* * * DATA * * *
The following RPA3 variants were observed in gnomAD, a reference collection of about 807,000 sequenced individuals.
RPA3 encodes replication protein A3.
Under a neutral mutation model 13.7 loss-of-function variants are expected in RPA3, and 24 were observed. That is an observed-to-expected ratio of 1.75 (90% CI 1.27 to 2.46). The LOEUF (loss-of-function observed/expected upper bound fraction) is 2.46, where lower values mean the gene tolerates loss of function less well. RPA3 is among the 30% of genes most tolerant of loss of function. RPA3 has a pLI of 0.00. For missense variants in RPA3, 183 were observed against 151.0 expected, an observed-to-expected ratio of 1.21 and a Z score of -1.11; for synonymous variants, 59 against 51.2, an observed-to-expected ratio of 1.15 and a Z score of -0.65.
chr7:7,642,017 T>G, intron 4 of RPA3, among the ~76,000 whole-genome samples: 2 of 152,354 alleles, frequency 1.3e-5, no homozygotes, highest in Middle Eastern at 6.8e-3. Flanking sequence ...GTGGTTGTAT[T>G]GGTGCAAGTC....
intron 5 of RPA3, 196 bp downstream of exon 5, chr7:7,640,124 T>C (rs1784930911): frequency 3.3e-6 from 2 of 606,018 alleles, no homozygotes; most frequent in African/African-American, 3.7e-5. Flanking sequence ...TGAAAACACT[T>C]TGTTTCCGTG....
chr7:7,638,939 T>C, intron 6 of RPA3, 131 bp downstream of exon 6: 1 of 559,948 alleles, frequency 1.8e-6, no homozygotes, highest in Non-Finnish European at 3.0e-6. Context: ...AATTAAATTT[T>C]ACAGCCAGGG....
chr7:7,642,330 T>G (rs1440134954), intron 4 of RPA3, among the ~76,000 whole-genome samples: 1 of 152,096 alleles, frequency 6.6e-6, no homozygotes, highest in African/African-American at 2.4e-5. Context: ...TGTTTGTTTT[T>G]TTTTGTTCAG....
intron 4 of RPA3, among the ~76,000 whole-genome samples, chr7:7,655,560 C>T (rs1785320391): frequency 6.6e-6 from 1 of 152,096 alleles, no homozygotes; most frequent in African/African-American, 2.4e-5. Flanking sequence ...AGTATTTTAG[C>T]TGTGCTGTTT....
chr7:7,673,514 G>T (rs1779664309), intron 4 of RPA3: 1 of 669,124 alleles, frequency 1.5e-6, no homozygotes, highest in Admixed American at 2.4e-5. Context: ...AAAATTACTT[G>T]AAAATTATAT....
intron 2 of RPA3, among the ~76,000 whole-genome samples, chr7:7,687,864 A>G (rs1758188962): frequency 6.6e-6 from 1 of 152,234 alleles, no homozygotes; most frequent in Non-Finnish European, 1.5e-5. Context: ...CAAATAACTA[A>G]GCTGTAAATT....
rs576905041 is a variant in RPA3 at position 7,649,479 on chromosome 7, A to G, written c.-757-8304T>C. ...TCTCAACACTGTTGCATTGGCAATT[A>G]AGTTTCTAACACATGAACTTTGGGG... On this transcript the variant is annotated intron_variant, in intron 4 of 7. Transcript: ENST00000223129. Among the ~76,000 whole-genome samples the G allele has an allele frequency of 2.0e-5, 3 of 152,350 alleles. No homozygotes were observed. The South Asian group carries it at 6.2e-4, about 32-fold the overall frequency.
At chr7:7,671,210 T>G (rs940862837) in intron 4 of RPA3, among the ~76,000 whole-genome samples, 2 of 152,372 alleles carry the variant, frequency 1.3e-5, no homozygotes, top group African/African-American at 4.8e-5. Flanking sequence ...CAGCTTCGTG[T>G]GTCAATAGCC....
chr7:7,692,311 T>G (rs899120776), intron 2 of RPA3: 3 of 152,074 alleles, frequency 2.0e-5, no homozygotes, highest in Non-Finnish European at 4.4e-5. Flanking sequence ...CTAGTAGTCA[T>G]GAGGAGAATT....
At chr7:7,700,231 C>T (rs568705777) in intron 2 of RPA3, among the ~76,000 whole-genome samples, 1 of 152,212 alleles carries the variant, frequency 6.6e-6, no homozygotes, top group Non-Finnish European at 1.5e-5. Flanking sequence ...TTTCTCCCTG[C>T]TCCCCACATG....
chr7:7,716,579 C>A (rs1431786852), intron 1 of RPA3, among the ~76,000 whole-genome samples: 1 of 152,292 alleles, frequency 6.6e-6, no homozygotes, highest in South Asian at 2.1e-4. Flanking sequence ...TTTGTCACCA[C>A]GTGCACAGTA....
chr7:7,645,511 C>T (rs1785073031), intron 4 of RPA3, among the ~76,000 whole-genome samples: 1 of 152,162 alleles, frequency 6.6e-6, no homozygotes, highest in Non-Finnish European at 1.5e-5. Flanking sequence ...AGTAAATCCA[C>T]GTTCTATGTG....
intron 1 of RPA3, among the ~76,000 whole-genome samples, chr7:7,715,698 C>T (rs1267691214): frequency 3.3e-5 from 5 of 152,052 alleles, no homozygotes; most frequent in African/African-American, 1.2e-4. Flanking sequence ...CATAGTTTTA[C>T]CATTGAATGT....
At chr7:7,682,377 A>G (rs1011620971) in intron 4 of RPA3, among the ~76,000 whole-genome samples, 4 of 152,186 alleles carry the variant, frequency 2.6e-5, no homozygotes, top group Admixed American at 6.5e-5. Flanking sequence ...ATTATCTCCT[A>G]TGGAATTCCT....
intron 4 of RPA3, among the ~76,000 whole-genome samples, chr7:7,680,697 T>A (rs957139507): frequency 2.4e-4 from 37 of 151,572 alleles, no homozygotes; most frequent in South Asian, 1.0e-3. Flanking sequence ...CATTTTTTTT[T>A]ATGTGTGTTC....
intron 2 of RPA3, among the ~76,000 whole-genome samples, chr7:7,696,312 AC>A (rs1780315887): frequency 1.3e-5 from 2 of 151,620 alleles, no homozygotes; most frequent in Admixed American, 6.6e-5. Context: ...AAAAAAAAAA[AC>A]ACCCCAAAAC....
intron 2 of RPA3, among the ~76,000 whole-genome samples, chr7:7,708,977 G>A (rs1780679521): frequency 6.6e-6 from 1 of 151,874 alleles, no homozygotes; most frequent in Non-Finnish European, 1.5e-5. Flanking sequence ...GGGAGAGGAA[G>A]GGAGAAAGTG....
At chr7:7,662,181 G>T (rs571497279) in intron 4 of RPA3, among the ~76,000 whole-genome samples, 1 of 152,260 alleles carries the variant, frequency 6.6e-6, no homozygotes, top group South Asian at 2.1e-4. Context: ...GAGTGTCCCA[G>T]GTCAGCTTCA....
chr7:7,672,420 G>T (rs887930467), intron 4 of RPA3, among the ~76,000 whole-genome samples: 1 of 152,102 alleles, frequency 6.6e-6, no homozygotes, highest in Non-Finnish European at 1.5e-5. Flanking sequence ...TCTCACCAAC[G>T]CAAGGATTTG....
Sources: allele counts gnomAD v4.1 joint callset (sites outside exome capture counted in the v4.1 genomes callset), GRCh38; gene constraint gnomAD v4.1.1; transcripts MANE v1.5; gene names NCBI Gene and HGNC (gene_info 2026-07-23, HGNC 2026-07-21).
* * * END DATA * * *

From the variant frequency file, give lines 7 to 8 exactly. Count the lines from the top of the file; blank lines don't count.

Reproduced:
chr7:7,642,330 T>G (rs1440134954), intron 4 of RPA3, among the ~76,000 whole-genome samples: 1 of 152,096 alleles, frequency 6.6e-6, no homozygotes, highest in African/African-American at 2.4e-5. Context: ...TGTTTGTTTT[T>G]TTTTGTTCAG....
intron 4 of RPA3, among the ~76,000 whole-genome samples, chr7:7,655,560 C>T (rs1785320391): frequency 6.6e-6 from 1 of 152,096 alleles, no homozygotes; most frequent in African/African-American, 2.4e-5. Flanking sequence ...AGTATTTTAG[C>T]TGTGCTGTTT....